If you look at the blogg you may notice that I haven't done many of the Hotcup races. I've missed the last three races (due to other races) and you're allowed to subract only one result, so my total standing is not relevant.
During the night leading up to the race I was waking up soaked in sweat and with a sore throat. Throughout the day I was unsure whether I should take part or not. As I did not feel any worse I decided to race: It's hard to say no to a good race. Now, writing the blog the day after, I can deduce that it was the wrong decision as I now have a cold. Ouch! Now, I may have gotten a cold even if I hadn't raced, but I don't think so.
The race was 80 minutes + the lap and on new trails. Fun! The Hotcup races are always fast and furious and this would turn out to be no different.
Results: Hotcup #6
We lined up in the starting grid with me in group 1. I had perhaps 10 riders in front of me.The start was supposed to sound at 18:30 hours. However at 18:28 there's a vague shout from behind: "Start!". There's confusion everyone with people asking "Did he just say start?" and then we're off.
There are 5-6 guys up at the front of the pack, all in red jerseys, and they're covering the entire width of the gravel road. We're on the start loop (gravel road) and the pace is moderate so I understand the situation as these guys being the "pace riders" and that they will at some point get off the track and the we will be free to overtake. So I'm in around 20th position waiting for the pack to be set free so I can move up in positions while still on the gravel road of the start loop. However the 5-6 guys in red jerseys up front don't get out of the way and we actually get into the first singletrack section with them in front. As the pace is moderate the field has not been stretched out at all and total chaos ensues when everyone tries to squeeze into single track. I realize that I'm way too far behind and out of touch with the quick guys.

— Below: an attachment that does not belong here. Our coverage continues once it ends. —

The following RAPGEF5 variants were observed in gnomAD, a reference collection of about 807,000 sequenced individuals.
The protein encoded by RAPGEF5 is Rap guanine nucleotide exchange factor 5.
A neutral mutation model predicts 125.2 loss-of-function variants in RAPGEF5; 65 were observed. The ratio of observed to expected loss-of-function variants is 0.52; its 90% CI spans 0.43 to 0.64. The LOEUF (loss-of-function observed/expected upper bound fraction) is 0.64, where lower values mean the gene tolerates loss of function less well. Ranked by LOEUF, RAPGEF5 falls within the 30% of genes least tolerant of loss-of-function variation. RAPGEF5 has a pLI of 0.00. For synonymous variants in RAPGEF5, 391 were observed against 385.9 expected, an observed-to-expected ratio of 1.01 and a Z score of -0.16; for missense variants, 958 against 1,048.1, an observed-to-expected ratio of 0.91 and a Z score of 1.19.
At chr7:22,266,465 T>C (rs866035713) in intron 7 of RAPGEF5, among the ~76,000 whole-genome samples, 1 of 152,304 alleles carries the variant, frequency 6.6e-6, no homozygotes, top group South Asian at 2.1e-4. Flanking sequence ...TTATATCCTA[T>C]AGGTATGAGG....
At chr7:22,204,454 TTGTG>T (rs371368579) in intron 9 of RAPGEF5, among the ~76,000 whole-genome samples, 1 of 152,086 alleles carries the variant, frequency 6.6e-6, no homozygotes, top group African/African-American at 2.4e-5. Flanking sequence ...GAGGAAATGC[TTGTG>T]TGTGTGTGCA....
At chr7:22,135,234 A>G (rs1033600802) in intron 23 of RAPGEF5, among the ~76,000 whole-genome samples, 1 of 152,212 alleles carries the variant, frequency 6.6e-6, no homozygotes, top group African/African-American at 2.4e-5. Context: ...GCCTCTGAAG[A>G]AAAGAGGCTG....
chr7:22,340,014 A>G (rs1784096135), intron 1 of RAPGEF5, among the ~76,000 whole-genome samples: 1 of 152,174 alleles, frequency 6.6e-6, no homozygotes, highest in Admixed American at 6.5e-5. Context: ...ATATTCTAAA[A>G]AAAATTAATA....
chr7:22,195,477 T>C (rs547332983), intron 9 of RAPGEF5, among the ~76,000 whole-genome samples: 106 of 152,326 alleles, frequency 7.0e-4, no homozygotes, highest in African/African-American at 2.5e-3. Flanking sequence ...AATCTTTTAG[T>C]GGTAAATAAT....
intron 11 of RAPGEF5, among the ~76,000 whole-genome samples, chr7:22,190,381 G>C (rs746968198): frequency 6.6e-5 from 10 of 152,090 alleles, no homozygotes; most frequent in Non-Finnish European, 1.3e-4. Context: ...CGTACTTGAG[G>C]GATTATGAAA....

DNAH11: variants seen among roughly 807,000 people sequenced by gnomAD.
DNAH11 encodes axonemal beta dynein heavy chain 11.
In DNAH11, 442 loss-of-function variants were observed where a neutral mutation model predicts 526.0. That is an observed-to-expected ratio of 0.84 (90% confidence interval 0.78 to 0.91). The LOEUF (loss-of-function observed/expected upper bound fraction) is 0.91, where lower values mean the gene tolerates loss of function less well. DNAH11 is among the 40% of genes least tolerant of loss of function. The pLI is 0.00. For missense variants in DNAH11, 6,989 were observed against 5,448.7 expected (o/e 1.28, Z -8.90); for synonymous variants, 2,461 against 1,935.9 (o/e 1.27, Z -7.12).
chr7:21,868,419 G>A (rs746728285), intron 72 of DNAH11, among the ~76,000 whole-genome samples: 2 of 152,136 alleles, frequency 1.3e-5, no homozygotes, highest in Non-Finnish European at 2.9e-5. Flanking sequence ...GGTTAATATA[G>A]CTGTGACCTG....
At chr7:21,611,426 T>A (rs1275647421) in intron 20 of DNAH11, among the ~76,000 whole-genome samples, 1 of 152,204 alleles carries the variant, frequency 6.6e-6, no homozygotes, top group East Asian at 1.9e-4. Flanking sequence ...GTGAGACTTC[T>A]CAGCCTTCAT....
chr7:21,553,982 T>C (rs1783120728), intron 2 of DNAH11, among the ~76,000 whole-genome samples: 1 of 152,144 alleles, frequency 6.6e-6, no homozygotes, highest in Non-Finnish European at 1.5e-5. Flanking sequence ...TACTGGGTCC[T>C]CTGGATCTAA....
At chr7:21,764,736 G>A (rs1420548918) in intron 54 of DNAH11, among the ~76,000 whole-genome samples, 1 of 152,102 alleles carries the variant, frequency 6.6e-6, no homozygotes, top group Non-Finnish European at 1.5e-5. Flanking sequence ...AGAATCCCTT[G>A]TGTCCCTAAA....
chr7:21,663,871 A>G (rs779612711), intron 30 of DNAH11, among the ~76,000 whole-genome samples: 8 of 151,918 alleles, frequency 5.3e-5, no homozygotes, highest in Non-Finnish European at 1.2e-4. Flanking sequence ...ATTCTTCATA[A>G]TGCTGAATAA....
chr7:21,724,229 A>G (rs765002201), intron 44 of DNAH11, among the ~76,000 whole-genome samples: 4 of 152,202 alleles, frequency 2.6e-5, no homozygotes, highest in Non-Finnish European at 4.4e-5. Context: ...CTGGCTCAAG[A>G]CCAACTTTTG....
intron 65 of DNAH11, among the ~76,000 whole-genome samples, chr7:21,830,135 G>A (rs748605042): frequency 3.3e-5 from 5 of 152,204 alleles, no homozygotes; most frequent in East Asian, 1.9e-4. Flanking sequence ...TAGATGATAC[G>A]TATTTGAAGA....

After just a few hundred meters of singletrack the guy in front of me falls and blocks the entire trail. So we wait for him to get back on his bike. Then I start making up ground taking position after position. I realize that I'm way too far behind to catch up with the quick guys.
I catch up with a group containing Stefan Methander and start moving up in that group. Soon after that Stefan crashes but is ok. I move to the top of the group and start getting a gap. One of the riders hangs on to my wheel: On technical sections the gap opens up and he falls behind but he catches me again on the short climbs.
After a while I see the yellow sweater of a Team Roslins cyclist in front of me. As I catch up I see that it's Luke Grindahl. Luke and I take turns driving hard and we quickly distance everyone else behind us.
Towards the end of the race there's a lot of lapping slower riders. A quick guy catches up with Luke and I just before the end of the last lap. But a he turns onto the finishing gravel straight, only 100m before the finish, his bike looses grip and he falls. He blocks me the most and I go right of him while Luke gets a straight line and goes left of him. So Luke finishes in front of me by a few seconds. I finish in sixth place.
I ended up having a really intense race (high heart rate!) on a fun track. But when you lose as much ground as I did due to bad organization it's a bit frustrating.
One of the really positive things was that after the race one of my compeditors came up to me and said: I tried to follow you and I was able to in the easy terrain but in the technical stuff you were just too quick. That's probably the only time ever that I've had that said to me.
Conclusion: Don't race when you're feeling half-sick